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Neuropraxia - El Paso Chiropractor
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Nerve injuries can be the result of numerous conditions, disorders, or dysfunctions. From direct trauma from an injury to an underlying condition such as diabetes or arthritis, the central nerves of the body, the peripheral nerves are most frequently at a higher risk of experiencing damage or injury. Nerve injuries require a gradual process of treatments and healing time in order for the nerve to regenerate. The regeneration of the nerves depend on whether the nerve suffered irritation or was partially or completely severed as well as the type of injury that caused the nerve injury.

Each nerve within the peripheral nervous system consists of Schwann cells and axons. There are two types of nerves: myelinated and unmyelinated. In the myelinated nerves, the Schwann cells cover each axon, into what is known as a sheath formation, while in the unmyelinated nerves, the Schwann cells only cover the grouped axons. The axons protected by the sheath formation are also covered by a second layer, known as the endoneurium.

There are several types of nerve injuries that can be classified according to the level of severity but one type of nerve injury, considered to be the least severe of nerve injuries, can still present discomfort in the affected individual.

Neuropraxia is a mild form of nerve injury where the nerve impulses are completely blocked or interrupted while the nerve fibers, including the axon and protective sheath that make up the nerve, remain intact. The major causes for neuropraxia are bone fractures or dislocations which cause the nerve to stretch suddenly. Least likely, this type of nerve injury can also occur as a result of blunt injury or pressure on the nerve for extended periods of time. The most frequent symptoms of neuropraxia include impairment or loss of regular motor or sensory function, weakness or paralysis of the muscles, unusual sensations such as numbness, tingling, or burning sensations, and pain along the affected region of the nerve.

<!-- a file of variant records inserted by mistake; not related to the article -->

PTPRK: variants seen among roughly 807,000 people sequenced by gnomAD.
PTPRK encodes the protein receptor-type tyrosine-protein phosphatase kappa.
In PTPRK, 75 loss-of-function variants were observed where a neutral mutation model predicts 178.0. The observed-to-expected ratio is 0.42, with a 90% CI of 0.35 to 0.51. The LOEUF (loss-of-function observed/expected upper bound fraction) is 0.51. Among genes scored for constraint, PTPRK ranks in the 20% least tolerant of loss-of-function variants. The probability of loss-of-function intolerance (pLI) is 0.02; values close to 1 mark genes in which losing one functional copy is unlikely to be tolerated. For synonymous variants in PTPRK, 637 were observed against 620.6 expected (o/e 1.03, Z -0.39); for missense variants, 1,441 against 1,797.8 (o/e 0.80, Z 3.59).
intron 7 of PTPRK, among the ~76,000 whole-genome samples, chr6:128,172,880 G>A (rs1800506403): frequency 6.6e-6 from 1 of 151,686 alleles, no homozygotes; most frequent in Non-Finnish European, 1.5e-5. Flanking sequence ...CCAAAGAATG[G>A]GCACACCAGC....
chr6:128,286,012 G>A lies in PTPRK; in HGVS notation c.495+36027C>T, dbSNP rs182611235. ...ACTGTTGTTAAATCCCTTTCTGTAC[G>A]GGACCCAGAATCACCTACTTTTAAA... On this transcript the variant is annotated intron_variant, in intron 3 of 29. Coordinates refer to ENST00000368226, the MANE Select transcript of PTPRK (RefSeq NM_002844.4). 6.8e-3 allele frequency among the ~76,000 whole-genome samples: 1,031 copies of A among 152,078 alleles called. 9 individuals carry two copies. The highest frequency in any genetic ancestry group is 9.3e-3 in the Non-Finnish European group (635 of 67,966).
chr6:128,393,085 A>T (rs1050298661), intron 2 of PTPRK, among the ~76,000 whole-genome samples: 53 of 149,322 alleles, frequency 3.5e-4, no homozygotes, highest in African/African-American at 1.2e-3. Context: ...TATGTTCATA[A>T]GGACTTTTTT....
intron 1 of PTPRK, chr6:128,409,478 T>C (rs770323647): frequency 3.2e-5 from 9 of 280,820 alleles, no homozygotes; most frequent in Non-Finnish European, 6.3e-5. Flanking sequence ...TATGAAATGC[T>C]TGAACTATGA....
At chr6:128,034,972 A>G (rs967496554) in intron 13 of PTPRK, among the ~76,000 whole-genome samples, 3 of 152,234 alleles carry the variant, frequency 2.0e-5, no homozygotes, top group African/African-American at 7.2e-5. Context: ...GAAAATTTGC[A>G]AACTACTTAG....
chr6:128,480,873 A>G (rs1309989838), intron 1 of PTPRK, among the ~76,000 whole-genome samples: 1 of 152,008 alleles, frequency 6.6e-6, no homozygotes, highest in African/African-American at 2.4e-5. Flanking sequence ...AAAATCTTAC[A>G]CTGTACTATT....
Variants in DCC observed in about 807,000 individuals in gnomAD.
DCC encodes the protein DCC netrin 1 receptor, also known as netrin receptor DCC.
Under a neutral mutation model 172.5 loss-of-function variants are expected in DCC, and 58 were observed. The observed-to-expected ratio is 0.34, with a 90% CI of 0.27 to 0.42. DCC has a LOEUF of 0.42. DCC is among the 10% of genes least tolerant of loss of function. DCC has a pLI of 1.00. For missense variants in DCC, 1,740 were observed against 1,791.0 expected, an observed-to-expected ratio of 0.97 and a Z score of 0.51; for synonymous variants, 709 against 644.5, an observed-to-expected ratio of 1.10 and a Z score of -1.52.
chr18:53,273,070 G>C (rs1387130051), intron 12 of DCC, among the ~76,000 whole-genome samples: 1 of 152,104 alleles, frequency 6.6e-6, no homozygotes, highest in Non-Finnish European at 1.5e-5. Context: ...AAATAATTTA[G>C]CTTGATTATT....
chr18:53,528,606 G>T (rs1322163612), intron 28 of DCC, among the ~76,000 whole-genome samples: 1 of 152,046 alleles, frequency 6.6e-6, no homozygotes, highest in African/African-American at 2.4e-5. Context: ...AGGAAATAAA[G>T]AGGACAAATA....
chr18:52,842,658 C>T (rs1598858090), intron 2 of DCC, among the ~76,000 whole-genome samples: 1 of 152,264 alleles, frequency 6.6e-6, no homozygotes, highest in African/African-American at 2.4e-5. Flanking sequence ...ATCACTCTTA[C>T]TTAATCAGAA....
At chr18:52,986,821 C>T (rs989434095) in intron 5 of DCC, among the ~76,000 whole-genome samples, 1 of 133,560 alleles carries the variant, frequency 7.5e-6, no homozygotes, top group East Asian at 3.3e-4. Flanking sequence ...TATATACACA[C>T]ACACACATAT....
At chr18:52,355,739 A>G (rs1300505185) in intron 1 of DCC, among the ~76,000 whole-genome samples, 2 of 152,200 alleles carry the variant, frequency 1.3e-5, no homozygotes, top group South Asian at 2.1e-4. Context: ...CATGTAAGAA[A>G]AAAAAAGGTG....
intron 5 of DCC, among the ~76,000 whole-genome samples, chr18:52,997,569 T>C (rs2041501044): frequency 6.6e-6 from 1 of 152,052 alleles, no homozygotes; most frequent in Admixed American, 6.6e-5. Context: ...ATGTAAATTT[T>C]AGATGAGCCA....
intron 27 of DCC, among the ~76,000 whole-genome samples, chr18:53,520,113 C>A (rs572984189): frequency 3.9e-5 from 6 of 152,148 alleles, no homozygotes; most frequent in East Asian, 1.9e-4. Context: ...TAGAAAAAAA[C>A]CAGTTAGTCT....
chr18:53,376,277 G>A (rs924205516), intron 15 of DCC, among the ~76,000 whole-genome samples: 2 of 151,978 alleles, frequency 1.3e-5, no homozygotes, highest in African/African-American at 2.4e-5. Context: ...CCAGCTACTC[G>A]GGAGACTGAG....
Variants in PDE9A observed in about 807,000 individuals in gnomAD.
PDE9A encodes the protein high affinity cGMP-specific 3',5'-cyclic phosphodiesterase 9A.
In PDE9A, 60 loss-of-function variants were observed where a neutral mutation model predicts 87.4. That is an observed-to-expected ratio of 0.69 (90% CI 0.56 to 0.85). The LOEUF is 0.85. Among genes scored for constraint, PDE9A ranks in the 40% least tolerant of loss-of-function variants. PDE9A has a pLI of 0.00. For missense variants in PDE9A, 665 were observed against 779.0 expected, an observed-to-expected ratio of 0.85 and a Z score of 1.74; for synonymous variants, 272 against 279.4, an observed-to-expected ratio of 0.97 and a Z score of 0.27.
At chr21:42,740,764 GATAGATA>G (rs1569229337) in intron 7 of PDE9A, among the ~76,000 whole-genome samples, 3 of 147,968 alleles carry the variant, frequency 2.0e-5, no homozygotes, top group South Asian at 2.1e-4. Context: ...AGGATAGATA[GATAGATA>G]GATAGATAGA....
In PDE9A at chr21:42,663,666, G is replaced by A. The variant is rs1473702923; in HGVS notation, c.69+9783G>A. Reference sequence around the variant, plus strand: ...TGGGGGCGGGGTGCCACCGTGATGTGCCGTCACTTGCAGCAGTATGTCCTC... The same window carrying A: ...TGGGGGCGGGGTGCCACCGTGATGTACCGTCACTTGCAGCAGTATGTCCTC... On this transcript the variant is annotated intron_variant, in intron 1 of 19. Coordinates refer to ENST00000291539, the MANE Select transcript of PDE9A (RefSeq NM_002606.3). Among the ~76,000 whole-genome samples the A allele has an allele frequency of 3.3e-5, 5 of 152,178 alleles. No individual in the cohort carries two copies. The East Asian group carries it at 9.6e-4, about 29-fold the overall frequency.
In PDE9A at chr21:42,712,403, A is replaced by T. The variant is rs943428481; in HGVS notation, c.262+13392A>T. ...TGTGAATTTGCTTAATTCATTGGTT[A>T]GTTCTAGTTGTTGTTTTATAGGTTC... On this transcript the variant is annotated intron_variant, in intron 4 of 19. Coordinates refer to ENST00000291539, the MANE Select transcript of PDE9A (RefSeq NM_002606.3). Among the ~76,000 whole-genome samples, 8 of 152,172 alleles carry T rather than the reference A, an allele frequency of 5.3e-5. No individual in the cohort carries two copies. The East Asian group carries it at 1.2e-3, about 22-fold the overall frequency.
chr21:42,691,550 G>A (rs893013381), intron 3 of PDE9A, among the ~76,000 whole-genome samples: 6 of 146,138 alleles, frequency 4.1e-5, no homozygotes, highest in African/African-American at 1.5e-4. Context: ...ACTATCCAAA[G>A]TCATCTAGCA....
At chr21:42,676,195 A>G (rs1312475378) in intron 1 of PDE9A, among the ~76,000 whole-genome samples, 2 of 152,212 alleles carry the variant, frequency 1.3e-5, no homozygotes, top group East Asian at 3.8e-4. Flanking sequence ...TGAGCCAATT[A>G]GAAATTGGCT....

When it comes to nerve injuries where the nerve has not been severed, such as neuropraxia, the healing process is gradual and can regenerate over the course of time. It is also possible to reduce the symptoms of the condition.

Physical therapy can be an important treatment option for individuals recovering from nerve injuries. Before beginning therapy, a specialist might prevent active movements surrounding the affected extremity, following with a set of focused, passive movements to maintain the normal range of motion and avoid the atrophy of the muscles that could result from a damaged nerve. As the nerve begins to heal, the physical therapist will progressively increase the level of activity until the individual can confidently move to more active movements until the damaged or injured nerve heals completely and the symptoms disappear.

By Dr. Alex Jimenez

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The information herein is not intended to replace a one-on-one relationship with a qualified health care professional, licensed physician, and is not medical advice. We encourage you to make your own health care decisions based on your research and partnership with a qualified health care professional. Our information scope is limited to chiropractic, musculoskeletal, physical medicines, wellness, sensitive health issues, functional medicine articles, topics, and discussions. We provide and present clinical collaboration with specialists from a wide array of disciplines. Each specialist is governed by their professional scope of practice and their jurisdiction of licensure. We use functional health & wellness protocols to treat and support care for the injuries or disorders of the musculoskeletal system. Our videos, posts, topics, subjects, and insights cover clinical matters, issues, and topics that relate to and support, directly or indirectly, our clinical scope of practice.* Our office has made a reasonable attempt to provide supportive citations and has identified the relevant research study or studies supporting our posts. We provide copies of supporting research studies available to regulatory boards and the public upon request. We understand that we cover matters that require an additional explanation of how it may assist in a particular care plan or treatment protocol; therefore, to further discuss the subject matter above, please feel free to contact us. Dr. Alex Jimenez DC, MSACP, CCST, IFMCP*, CIFM*, ATN* email: phone: 915-850-0900 Licensed in: Texas & New Mexico*